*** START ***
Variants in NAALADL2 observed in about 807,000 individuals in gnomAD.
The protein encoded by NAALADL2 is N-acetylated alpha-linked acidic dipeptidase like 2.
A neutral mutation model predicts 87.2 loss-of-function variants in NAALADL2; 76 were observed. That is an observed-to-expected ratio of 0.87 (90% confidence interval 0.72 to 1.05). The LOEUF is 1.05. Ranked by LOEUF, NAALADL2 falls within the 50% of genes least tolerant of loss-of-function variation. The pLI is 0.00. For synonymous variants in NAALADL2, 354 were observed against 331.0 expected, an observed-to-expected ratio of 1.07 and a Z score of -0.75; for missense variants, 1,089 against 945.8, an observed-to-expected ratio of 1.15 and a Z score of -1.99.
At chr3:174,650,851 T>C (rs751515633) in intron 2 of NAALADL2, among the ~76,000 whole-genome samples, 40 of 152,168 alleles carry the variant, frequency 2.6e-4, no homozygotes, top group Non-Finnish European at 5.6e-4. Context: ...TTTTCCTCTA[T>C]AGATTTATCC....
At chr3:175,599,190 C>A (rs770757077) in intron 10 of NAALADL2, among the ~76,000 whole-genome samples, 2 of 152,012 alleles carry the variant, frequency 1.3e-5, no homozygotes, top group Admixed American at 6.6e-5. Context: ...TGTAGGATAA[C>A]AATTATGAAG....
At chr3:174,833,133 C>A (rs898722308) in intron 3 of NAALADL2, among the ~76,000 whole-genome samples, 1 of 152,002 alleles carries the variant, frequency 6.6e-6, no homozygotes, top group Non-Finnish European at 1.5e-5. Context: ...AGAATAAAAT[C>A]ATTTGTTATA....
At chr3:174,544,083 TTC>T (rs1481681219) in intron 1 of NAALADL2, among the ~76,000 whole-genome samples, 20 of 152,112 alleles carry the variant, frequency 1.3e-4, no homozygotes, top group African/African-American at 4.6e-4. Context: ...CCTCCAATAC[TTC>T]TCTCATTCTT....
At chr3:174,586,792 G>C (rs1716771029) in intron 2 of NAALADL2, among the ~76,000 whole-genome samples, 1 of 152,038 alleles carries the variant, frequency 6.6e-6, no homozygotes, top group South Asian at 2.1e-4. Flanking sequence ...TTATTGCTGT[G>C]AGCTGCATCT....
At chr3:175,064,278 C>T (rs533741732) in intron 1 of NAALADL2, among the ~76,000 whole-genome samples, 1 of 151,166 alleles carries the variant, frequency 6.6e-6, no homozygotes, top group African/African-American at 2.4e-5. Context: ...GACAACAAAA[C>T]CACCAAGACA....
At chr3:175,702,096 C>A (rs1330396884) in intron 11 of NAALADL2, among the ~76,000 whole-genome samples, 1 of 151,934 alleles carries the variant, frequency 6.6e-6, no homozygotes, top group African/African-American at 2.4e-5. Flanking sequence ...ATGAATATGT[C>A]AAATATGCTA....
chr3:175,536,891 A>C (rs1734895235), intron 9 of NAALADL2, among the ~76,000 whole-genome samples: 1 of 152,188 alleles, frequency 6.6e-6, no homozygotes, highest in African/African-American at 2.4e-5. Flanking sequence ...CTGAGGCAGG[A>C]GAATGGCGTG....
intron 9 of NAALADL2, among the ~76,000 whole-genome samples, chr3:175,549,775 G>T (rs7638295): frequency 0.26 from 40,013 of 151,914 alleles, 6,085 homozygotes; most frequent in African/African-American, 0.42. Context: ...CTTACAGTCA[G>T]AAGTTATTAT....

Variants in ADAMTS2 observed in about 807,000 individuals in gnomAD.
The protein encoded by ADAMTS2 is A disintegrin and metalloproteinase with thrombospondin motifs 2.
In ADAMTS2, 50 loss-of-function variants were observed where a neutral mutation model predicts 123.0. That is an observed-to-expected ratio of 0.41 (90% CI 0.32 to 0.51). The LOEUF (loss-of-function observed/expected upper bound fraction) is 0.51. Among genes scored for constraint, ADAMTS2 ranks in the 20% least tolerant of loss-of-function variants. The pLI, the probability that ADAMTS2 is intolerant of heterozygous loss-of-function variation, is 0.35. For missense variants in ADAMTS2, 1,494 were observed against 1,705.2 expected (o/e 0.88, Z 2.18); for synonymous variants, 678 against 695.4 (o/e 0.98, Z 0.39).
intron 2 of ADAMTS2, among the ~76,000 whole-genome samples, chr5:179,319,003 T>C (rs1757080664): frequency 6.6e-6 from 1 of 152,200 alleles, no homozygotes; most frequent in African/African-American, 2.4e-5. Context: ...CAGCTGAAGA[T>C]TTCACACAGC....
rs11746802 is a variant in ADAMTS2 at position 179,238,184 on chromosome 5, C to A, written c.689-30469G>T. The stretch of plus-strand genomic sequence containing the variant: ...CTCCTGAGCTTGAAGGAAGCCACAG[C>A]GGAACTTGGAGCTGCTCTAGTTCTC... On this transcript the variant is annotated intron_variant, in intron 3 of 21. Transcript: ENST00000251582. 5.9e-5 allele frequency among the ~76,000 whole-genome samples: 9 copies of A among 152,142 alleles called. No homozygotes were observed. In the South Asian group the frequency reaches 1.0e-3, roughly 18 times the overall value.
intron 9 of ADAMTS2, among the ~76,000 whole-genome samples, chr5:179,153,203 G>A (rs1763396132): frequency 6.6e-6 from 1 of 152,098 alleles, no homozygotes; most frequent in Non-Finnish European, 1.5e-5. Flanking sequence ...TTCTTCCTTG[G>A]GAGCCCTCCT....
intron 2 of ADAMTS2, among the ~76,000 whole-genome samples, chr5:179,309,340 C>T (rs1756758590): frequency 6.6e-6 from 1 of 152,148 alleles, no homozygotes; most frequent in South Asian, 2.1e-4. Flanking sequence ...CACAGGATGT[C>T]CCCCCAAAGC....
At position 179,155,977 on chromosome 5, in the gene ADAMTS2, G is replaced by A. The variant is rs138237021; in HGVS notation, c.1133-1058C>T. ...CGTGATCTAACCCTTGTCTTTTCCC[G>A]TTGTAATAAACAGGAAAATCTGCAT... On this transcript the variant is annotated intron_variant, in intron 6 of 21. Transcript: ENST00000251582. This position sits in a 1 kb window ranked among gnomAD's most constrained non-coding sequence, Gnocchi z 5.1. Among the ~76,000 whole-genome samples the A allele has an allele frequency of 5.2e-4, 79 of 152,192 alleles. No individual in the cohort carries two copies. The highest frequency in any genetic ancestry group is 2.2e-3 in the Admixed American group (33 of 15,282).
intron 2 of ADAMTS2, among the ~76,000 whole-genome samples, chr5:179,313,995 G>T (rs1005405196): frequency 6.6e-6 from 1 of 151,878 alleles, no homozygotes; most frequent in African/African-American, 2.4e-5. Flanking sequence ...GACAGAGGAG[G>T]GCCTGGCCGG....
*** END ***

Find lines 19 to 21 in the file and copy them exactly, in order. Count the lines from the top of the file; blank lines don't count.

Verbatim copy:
intron 2 of ADAMTS2, among the ~76,000 whole-genome samples, chr5:179,309,340 C>T (rs1756758590): frequency 6.6e-6 from 1 of 152,148 alleles, no homozygotes; most frequent in South Asian, 2.1e-4. Flanking sequence ...CACAGGATGT[C>T]CCCCCAAAGC....
At position 179,155,977 on chromosome 5, in the gene ADAMTS2, G is replaced by A. The variant is rs138237021; in HGVS notation, c.1133-1058C>T. ...CGTGATCTAACCCTTGTCTTTTCCC[G>A]TTGTAATAAACAGGAAAATCTGCAT... On this transcript the variant is annotated intron_variant, in intron 6 of 21. Transcript: ENST00000251582. This position sits in a 1 kb window ranked among gnomAD's most constrained non-coding sequence, Gnocchi z 5.1. Among the ~76,000 whole-genome samples the A allele has an allele frequency of 5.2e-4, 79 of 152,192 alleles. No individual in the cohort carries two copies. The highest frequency in any genetic ancestry group is 2.2e-3 in the Admixed American group (33 of 15,282).
intron 2 of ADAMTS2, among the ~76,000 whole-genome samples, chr5:179,313,995 G>T (rs1005405196): frequency 6.6e-6 from 1 of 151,878 alleles, no homozygotes; most frequent in African/African-American, 2.4e-5. Flanking sequence ...GACAGAGGAG[G>T]GCCTGGCCGG....